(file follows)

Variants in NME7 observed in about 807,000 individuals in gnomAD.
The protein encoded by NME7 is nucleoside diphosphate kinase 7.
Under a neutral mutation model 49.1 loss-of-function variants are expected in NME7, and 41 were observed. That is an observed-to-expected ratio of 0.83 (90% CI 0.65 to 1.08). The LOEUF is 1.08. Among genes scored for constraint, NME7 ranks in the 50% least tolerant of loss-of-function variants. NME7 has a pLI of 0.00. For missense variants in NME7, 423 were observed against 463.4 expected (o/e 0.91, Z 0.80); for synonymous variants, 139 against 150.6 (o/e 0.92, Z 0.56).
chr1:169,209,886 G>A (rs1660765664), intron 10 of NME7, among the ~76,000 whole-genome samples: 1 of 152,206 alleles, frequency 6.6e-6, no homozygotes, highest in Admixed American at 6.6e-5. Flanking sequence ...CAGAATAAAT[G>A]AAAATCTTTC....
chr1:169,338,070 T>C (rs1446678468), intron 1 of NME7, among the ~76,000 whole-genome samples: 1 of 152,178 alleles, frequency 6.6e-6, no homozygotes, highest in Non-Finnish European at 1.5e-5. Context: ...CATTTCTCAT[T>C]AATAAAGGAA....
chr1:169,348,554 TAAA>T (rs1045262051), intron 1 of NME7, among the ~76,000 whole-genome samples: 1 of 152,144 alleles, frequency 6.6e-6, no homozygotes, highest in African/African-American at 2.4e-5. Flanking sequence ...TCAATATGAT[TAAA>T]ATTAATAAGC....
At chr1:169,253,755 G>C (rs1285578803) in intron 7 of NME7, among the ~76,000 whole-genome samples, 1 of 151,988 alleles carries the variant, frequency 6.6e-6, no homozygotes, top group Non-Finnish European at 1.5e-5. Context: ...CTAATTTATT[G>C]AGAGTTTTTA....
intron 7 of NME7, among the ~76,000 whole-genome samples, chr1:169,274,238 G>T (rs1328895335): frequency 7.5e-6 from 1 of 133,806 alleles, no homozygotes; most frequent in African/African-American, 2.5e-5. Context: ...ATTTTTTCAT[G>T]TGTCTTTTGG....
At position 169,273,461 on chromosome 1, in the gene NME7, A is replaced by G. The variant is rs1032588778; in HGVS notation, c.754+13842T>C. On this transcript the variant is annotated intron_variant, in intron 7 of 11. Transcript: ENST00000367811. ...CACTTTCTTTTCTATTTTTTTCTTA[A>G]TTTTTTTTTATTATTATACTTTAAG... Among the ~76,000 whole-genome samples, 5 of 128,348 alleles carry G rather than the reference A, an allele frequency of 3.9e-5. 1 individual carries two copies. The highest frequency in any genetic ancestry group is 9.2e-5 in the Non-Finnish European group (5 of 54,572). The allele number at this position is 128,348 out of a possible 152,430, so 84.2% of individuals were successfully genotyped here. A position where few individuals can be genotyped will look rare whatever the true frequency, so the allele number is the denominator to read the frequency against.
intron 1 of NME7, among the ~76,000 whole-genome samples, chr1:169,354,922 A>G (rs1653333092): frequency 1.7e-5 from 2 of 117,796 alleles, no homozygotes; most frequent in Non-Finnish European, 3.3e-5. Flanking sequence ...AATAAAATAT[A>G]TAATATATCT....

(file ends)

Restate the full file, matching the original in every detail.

Variants in NME7 observed in about 807,000 individuals in gnomAD.
The protein encoded by NME7 is nucleoside diphosphate kinase 7.
Under a neutral mutation model 49.1 loss-of-function variants are expected in NME7, and 41 were observed. That is an observed-to-expected ratio of 0.83 (90% CI 0.65 to 1.08). The LOEUF is 1.08. Among genes scored for constraint, NME7 ranks in the 50% least tolerant of loss-of-function variants. NME7 has a pLI of 0.00. For missense variants in NME7, 423 were observed against 463.4 expected (o/e 0.91, Z 0.80); for synonymous variants, 139 against 150.6 (o/e 0.92, Z 0.56).
chr1:169,209,886 G>A (rs1660765664), intron 10 of NME7, among the ~76,000 whole-genome samples: 1 of 152,206 alleles, frequency 6.6e-6, no homozygotes, highest in Admixed American at 6.6e-5. Flanking sequence ...CAGAATAAAT[G>A]AAAATCTTTC....
chr1:169,338,070 T>C (rs1446678468), intron 1 of NME7, among the ~76,000 whole-genome samples: 1 of 152,178 alleles, frequency 6.6e-6, no homozygotes, highest in Non-Finnish European at 1.5e-5. Context: ...CATTTCTCAT[T>C]AATAAAGGAA....
chr1:169,348,554 TAAA>T (rs1045262051), intron 1 of NME7, among the ~76,000 whole-genome samples: 1 of 152,144 alleles, frequency 6.6e-6, no homozygotes, highest in African/African-American at 2.4e-5. Flanking sequence ...TCAATATGAT[TAAA>T]ATTAATAAGC....
At chr1:169,253,755 G>C (rs1285578803) in intron 7 of NME7, among the ~76,000 whole-genome samples, 1 of 151,988 alleles carries the variant, frequency 6.6e-6, no homozygotes, top group Non-Finnish European at 1.5e-5. Context: ...CTAATTTATT[G>C]AGAGTTTTTA....
intron 7 of NME7, among the ~76,000 whole-genome samples, chr1:169,274,238 G>T (rs1328895335): frequency 7.5e-6 from 1 of 133,806 alleles, no homozygotes; most frequent in African/African-American, 2.5e-5. Context: ...ATTTTTTCAT[G>T]TGTCTTTTGG....
At position 169,273,461 on chromosome 1, in the gene NME7, A is replaced by G. The variant is rs1032588778; in HGVS notation, c.754+13842T>C. On this transcript the variant is annotated intron_variant, in intron 7 of 11. Transcript: ENST00000367811. ...CACTTTCTTTTCTATTTTTTTCTTA[A>G]TTTTTTTTTATTATTATACTTTAAG... Among the ~76,000 whole-genome samples, 5 of 128,348 alleles carry G rather than the reference A, an allele frequency of 3.9e-5. 1 individual carries two copies. The highest frequency in any genetic ancestry group is 9.2e-5 in the Non-Finnish European group (5 of 54,572). The allele number at this position is 128,348 out of a possible 152,430, so 84.2% of individuals were successfully genotyped here. A position where few individuals can be genotyped will look rare whatever the true frequency, so the allele number is the denominator to read the frequency against.
intron 1 of NME7, among the ~76,000 whole-genome samples, chr1:169,354,922 A>G (rs1653333092): frequency 1.7e-5 from 2 of 117,796 alleles, no homozygotes; most frequent in Non-Finnish European, 3.3e-5. Flanking sequence ...AATAAAATAT[A>G]TAATATATCT....